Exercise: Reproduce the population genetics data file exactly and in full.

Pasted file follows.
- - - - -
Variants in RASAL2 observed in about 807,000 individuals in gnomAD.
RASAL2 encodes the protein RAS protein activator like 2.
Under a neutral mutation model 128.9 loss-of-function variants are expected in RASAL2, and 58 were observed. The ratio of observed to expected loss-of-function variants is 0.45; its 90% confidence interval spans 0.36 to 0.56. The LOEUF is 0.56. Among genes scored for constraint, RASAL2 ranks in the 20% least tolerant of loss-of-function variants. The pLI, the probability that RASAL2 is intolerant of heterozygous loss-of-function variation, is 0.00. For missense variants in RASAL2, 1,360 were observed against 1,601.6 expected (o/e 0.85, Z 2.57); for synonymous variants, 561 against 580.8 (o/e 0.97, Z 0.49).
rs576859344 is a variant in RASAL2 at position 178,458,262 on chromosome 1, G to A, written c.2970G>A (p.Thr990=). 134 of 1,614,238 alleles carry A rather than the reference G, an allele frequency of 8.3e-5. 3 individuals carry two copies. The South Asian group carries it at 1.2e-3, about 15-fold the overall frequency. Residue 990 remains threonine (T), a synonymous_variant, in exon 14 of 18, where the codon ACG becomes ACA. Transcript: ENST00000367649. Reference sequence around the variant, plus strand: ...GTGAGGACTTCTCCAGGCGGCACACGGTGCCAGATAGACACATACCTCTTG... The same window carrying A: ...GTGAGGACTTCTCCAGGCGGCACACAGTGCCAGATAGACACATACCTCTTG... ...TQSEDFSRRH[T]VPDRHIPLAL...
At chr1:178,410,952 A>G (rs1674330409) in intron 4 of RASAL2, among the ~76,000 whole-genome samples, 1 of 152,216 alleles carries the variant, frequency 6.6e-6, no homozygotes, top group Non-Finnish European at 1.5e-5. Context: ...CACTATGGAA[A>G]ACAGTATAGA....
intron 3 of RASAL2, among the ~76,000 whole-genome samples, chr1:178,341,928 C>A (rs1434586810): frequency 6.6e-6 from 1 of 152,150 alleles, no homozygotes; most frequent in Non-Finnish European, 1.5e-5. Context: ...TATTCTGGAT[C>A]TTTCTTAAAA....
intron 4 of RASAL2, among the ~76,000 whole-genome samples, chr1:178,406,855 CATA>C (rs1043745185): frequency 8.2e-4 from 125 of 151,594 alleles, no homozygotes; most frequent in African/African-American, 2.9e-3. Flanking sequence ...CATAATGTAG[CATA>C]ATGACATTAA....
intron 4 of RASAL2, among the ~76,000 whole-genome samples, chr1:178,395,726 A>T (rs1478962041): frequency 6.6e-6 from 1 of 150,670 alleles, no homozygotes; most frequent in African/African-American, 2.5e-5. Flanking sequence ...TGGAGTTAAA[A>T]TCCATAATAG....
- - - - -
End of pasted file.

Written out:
Variants in RASAL2 observed in about 807,000 individuals in gnomAD.
RASAL2 encodes the protein RAS protein activator like 2.
Under a neutral mutation model 128.9 loss-of-function variants are expected in RASAL2, and 58 were observed. The ratio of observed to expected loss-of-function variants is 0.45; its 90% confidence interval spans 0.36 to 0.56. The LOEUF is 0.56. Among genes scored for constraint, RASAL2 ranks in the 20% least tolerant of loss-of-function variants. The pLI, the probability that RASAL2 is intolerant of heterozygous loss-of-function variation, is 0.00. For missense variants in RASAL2, 1,360 were observed against 1,601.6 expected (o/e 0.85, Z 2.57); for synonymous variants, 561 against 580.8 (o/e 0.97, Z 0.49).
rs576859344 is a variant in RASAL2 at position 178,458,262 on chromosome 1, G to A, written c.2970G>A (p.Thr990=). 134 of 1,614,238 alleles carry A rather than the reference G, an allele frequency of 8.3e-5. 3 individuals carry two copies. The South Asian group carries it at 1.2e-3, about 15-fold the overall frequency. Residue 990 remains threonine (T), a synonymous_variant, in exon 14 of 18, where the codon ACG becomes ACA. Transcript: ENST00000367649. Reference sequence around the variant, plus strand: ...GTGAGGACTTCTCCAGGCGGCACACGGTGCCAGATAGACACATACCTCTTG... The same window carrying A: ...GTGAGGACTTCTCCAGGCGGCACACAGTGCCAGATAGACACATACCTCTTG... ...TQSEDFSRRH[T]VPDRHIPLAL...
At chr1:178,410,952 A>G (rs1674330409) in intron 4 of RASAL2, among the ~76,000 whole-genome samples, 1 of 152,216 alleles carries the variant, frequency 6.6e-6, no homozygotes, top group Non-Finnish European at 1.5e-5. Context: ...CACTATGGAA[A>G]ACAGTATAGA....
intron 3 of RASAL2, among the ~76,000 whole-genome samples, chr1:178,341,928 C>A (rs1434586810): frequency 6.6e-6 from 1 of 152,150 alleles, no homozygotes; most frequent in Non-Finnish European, 1.5e-5. Context: ...TATTCTGGAT[C>A]TTTCTTAAAA....
intron 4 of RASAL2, among the ~76,000 whole-genome samples, chr1:178,406,855 CATA>C (rs1043745185): frequency 8.2e-4 from 125 of 151,594 alleles, no homozygotes; most frequent in African/African-American, 2.9e-3. Flanking sequence ...CATAATGTAG[CATA>C]ATGACATTAA....
intron 4 of RASAL2, among the ~76,000 whole-genome samples, chr1:178,395,726 A>T (rs1478962041): frequency 6.6e-6 from 1 of 150,670 alleles, no homozygotes; most frequent in African/African-American, 2.5e-5. Flanking sequence ...TGGAGTTAAA[A>T]TCCATAATAG....